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Industry stories worth telling


In a recent post, I discussed the opportunity for insurance industry companies to use digital channels to differentiate themselves. Here, I’m going to explore how they can do that effectively.

In a word, the key for the insurance industry – indeed, any industry that wants to stand out and engage customers and employees – is storytelling. I’m talking about conveying authentic messages in a way that people will understand and remember.

For anyone who might have seen the original TV show or reruns of “Dragnet,” Detective Sergeant Joe Friday was famous for saying, “All we want are the facts” and in later parodies, “Just the facts, ma’am.” Facts are as important to differentiating a business as they are to a police investigation. The trick is compiling and communicating those facts in a memorable way, helping your audience understand why those particular facts matter. That’s the essence of storytelling.

Digital Differentiation in the Insurance Industry


Today’s digital environment and the ubiquity of data underscore a curious paradox among insurance organizations. Insurance carriers were among the first adopters of computers, but by and large they aren’t making the most of current technology.

Early customers of mainframes were insurance companies, for good reason: they collected tons of data on policies and policyholders, and they needed an efficient way to organize and retrieve it. Similarly, insurance agents and brokers have long pursued an efficient way to quote and bind business with multiple carriers.

5 Ways to Improve Onboarding Engagement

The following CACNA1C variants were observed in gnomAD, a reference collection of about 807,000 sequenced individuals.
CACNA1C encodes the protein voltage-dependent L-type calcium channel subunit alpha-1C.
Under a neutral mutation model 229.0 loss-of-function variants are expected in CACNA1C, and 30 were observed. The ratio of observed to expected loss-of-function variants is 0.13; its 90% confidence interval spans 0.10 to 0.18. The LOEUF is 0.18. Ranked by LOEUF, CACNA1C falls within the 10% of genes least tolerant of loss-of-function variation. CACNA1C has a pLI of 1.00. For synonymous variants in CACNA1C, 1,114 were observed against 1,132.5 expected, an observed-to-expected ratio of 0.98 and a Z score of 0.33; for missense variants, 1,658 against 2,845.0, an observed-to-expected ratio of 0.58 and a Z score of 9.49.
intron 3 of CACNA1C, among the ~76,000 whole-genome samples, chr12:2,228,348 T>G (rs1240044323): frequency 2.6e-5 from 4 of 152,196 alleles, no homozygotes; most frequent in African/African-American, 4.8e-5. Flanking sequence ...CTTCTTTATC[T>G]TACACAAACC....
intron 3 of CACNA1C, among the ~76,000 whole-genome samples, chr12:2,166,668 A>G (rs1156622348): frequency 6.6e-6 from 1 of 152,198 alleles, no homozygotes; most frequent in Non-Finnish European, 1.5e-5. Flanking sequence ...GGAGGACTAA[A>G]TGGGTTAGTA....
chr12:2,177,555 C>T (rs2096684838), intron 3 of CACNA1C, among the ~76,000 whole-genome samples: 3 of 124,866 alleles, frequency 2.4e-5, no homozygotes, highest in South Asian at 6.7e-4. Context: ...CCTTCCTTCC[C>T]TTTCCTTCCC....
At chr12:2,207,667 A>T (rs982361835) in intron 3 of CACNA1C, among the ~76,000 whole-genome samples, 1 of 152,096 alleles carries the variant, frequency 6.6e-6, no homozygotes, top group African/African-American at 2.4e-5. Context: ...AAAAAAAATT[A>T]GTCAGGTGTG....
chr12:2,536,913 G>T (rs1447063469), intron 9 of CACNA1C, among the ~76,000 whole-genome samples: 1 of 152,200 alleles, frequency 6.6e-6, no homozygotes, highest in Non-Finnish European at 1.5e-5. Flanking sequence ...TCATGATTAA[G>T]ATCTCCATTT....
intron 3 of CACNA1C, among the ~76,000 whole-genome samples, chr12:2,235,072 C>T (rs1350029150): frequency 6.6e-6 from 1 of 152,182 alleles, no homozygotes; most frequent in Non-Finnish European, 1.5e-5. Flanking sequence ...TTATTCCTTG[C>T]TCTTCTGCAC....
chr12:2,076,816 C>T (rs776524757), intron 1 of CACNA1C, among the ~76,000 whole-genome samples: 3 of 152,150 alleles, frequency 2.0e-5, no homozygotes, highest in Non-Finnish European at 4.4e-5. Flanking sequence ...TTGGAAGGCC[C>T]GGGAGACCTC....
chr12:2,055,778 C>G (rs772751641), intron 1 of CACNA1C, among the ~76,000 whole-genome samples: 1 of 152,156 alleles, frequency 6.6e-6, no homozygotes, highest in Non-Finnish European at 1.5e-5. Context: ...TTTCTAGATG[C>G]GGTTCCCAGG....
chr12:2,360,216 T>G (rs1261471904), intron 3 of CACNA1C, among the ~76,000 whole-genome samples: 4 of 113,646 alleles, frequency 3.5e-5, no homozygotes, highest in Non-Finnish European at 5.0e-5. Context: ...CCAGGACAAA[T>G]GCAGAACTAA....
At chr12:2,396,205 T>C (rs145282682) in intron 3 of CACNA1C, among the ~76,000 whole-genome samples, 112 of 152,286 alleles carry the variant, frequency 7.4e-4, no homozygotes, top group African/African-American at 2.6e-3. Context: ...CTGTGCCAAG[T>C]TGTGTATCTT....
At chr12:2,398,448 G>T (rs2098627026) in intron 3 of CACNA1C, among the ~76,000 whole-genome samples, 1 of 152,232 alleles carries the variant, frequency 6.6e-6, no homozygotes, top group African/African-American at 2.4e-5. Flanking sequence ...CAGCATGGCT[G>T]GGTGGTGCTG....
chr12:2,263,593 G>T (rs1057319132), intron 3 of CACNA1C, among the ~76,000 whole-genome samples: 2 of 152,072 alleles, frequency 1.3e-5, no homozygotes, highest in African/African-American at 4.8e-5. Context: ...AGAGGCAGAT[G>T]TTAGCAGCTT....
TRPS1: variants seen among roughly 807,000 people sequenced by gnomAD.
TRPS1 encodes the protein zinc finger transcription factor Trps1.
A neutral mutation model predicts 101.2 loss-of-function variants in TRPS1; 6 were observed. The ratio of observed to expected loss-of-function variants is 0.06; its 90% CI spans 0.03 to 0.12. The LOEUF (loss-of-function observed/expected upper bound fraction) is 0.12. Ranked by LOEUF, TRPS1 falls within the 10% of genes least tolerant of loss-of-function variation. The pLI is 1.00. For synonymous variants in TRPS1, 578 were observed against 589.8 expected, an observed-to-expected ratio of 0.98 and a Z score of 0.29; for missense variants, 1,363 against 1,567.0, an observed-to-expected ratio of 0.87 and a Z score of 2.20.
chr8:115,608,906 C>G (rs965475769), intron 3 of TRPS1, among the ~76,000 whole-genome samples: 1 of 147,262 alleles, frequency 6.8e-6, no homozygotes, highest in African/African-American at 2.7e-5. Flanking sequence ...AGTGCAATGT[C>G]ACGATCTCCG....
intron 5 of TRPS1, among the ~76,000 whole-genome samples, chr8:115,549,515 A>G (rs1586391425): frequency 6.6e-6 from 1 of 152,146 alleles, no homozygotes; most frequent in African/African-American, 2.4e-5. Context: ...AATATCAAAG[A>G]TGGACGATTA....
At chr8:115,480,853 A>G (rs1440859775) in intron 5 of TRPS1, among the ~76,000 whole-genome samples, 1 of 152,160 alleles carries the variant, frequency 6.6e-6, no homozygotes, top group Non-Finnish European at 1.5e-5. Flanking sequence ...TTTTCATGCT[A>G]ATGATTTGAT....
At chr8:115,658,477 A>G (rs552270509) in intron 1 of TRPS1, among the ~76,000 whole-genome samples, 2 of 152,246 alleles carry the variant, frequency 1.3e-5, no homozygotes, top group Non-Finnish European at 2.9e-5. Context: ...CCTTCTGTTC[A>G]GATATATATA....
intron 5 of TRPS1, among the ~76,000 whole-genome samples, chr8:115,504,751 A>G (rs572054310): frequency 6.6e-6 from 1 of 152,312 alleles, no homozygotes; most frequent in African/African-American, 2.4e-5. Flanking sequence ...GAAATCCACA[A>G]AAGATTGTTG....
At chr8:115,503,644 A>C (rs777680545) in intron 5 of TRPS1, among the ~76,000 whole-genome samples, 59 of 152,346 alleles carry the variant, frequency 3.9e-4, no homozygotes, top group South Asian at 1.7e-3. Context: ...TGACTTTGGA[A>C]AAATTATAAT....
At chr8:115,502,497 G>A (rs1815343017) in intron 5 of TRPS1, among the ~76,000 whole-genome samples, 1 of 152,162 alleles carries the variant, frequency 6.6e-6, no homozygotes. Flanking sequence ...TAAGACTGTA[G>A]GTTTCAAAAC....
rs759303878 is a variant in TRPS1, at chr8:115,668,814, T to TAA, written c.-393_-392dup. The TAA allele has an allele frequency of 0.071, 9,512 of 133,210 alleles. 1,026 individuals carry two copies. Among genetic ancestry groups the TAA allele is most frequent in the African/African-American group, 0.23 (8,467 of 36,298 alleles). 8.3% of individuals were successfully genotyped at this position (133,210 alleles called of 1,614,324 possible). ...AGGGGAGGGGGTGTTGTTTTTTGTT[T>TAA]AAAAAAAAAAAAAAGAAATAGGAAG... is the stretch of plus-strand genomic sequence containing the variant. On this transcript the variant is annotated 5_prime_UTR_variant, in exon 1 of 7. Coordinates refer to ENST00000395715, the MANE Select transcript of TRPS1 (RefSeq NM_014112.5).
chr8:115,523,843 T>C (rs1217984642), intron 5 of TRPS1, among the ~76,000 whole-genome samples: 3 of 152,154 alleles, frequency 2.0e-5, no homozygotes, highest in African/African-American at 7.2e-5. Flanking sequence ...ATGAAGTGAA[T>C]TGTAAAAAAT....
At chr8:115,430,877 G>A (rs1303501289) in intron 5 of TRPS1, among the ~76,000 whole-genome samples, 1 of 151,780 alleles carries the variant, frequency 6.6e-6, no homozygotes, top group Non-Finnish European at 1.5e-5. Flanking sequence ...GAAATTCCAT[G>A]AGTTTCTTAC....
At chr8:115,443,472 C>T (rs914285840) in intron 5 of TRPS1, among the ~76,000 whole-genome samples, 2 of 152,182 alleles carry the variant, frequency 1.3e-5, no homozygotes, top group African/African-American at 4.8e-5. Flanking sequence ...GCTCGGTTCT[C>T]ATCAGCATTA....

Employees are the lifeblood of any organization, and more employers are investing in programs to attract, develop and retain the talent they need to succeed. The quicker an employer can engage new talent, the greater the likelihood of retaining a productive new employee.

One of the most important, and overlooked, areas of talent engagement occurs at the very beginning of a new hire’s journey. Think about your first day at the last new job you held. You probably had lots of questions, and lots of information to absorb. Will I fit in here? How am I going to remember the names of all these new colleagues? What opportunities to advance might I have? Was that person I just met in Marketing or Finance?

7 Tips for the Webcast Practice Run


Dry run practices allow the speaker to test their location, equipment and setup as well as become familiar with the webcasting software and practice delivering their content as if it was a live presentation. A dry run is important to ensuring speakers are prepared and confident for the live day and should ultimately foreshadow the live day presentation. Speakers should follow all the preparation best practices for location selection, computer/network settings, telephony and audio/video setup in addition to following these dry run tips.